Aciclovir (Zovirax)

Aciclovir (Zovirax) is a licensed nucleoside analogue drug for treating herpes simplex and varicella zoster virus. It is manufactured by GlaxoSmithKline. It is sometimes referred to by the abbreviation ACV.


Aciclovir is the standard therapy for herpes simplex. In addition, high doses are usually effective for treating hairy leukoplakia.

Some studies have also suggested that aciclovir, either on its own or in conjunction with AZT (zidovudine, Retrovir), may slow down the progression of HIV disease or improve survival, especially for people with low CD4 cell counts. However, this question remains unresolved since other controlled studies have found no evidence that aciclovir does prolong survival.

Several different theories have been proposed to explain why aciclovir could possibly prolong survival:

  • Firstly, although aciclovir has no direct anti-HIV effects itself, it has been suggested that it may increase the anti-HIV effect of AZT, although this has not been consistently shown in test tube studies.
  • Secondly, aciclovir helps to suppress members of the herpes family of viruses, which may act as co-factors in activating HIV. Stopping or reducing the co-factor effect may therefore delay the progress of HIV disease. However, no herpes virus has yet been shown to act as a co-factor, and trials have shown that even at high doses aciclovir is unable to prevent disease caused by cytomegalovirus, which is the leading co-factor candidate.
  • Thirdly, the established value of aciclovir in treating herpes virus infections may in itself enhance the health of people with HIV.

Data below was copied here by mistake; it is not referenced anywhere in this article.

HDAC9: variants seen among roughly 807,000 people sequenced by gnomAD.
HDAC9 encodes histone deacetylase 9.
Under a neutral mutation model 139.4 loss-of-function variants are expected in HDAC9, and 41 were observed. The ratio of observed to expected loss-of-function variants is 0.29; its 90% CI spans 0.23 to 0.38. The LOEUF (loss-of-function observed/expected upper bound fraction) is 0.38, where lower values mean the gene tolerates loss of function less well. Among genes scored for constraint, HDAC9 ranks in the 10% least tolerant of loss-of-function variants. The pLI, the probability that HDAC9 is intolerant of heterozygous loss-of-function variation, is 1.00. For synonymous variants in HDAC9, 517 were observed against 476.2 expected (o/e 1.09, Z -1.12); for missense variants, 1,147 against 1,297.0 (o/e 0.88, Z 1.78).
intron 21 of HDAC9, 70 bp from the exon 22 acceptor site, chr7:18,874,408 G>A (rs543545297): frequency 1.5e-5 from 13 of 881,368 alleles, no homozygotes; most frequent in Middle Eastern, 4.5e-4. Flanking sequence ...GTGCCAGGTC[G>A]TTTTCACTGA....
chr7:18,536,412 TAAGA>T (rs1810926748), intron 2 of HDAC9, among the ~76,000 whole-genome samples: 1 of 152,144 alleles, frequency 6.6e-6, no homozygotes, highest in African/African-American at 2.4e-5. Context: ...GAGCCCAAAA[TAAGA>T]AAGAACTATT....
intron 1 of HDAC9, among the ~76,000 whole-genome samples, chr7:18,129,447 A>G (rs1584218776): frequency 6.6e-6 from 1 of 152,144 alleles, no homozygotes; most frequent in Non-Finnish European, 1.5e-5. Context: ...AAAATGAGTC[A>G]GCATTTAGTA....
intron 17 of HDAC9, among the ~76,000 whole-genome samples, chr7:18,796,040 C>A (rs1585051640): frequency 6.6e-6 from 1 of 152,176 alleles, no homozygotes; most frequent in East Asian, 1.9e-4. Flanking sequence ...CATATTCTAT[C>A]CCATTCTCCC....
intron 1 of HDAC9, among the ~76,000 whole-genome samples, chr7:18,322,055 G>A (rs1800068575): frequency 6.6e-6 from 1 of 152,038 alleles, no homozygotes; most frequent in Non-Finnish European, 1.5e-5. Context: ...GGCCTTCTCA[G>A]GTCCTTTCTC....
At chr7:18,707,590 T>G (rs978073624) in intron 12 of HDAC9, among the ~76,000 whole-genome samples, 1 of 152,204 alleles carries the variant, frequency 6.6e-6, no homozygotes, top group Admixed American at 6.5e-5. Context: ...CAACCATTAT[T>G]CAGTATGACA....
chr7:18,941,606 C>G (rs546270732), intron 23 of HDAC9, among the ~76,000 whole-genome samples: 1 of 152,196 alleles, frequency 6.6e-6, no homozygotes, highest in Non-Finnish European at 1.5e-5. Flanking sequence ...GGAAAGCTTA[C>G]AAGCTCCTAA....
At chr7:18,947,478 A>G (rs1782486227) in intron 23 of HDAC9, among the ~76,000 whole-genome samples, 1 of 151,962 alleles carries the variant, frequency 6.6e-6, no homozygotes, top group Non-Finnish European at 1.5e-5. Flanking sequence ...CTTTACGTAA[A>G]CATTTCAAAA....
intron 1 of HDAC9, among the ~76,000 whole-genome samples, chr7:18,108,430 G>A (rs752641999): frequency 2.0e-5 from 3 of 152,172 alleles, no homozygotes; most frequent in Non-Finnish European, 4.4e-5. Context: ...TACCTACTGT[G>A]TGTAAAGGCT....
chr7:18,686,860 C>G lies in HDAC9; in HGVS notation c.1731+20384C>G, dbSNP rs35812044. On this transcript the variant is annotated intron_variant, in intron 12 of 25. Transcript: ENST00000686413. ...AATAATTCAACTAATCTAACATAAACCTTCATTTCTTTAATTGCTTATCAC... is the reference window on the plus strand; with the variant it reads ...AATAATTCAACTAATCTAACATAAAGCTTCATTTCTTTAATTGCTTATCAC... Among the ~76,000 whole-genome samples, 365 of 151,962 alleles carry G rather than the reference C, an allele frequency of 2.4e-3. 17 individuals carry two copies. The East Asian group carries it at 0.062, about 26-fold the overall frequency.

Very few side-effects have been reported from aciclovir. However, it can sometimes cause rashes, gastrointestinal upsets, headache, confusion, fatigue and abnormalities in some blood and liver tests. Intravenous infusions can cause severe inflammation or ulceration at the injection site and neurological problems such as confusion, hallucinations, agitation, convulsions and coma. The combination of AZT (zidovudine, Retrovir) with intravenous aciclovir has been reported to cause extreme lethargy.

Aciclovir does not interact with any protease inhibitors or non-nucleoside reverse transcriptase inhibitors (NNRTIs). Levels of aciclovir can be increased when it is taken at the same time as probenecid. Aciclovir may decrease the levels of atovaquone (Wellvone).

Strains of herpes simplex and varicella zoster virus that have developed resistance to aciclovir have been reported in immunosuppressed people.

Taking it

Aciclovir comes in several different formulations. Tablets are usually used, although an intravenous form is sometimes used for treating serious herpes attacks.

Aciclovir cream, which is available without prescription, is licensed for treating or preventing cold sores (herpes simplex blisters on the lips). The cream should not be used for treating herpes elsewhere in the body. A different ointment formulation is available for treating herpes simplex infections of the eye.

Aciclovir tablets are available on prescription, but intravenous aciclovir is used within hospital settings only.

Community Consensus Statement on Access to HIV Treatment and its Use for Prevention

Together, we can make it happen

We can end HIV soon if people have equal access to HIV drugs as treatment and as PrEP, and have free choice over whether to take them.

Launched today, the Community Consensus Statement is a basic set of principles aimed at making sure that happens.

The Community Consensus Statement is a joint initiative of AVAC, EATG, MSMGF, GNP+, HIV i-Base, the International HIV/AIDS Alliance, ITPC and NAM/aidsmap

This content was checked for accuracy at the time it was written. It may have been superseded by more recent developments. NAM recommends checking whether this is the most current information when making decisions that may affect your health.

NAM’s information is intended to support, rather than replace, consultation with a healthcare professional. Talk to your doctor or another member of your healthcare team for advice tailored to your situation.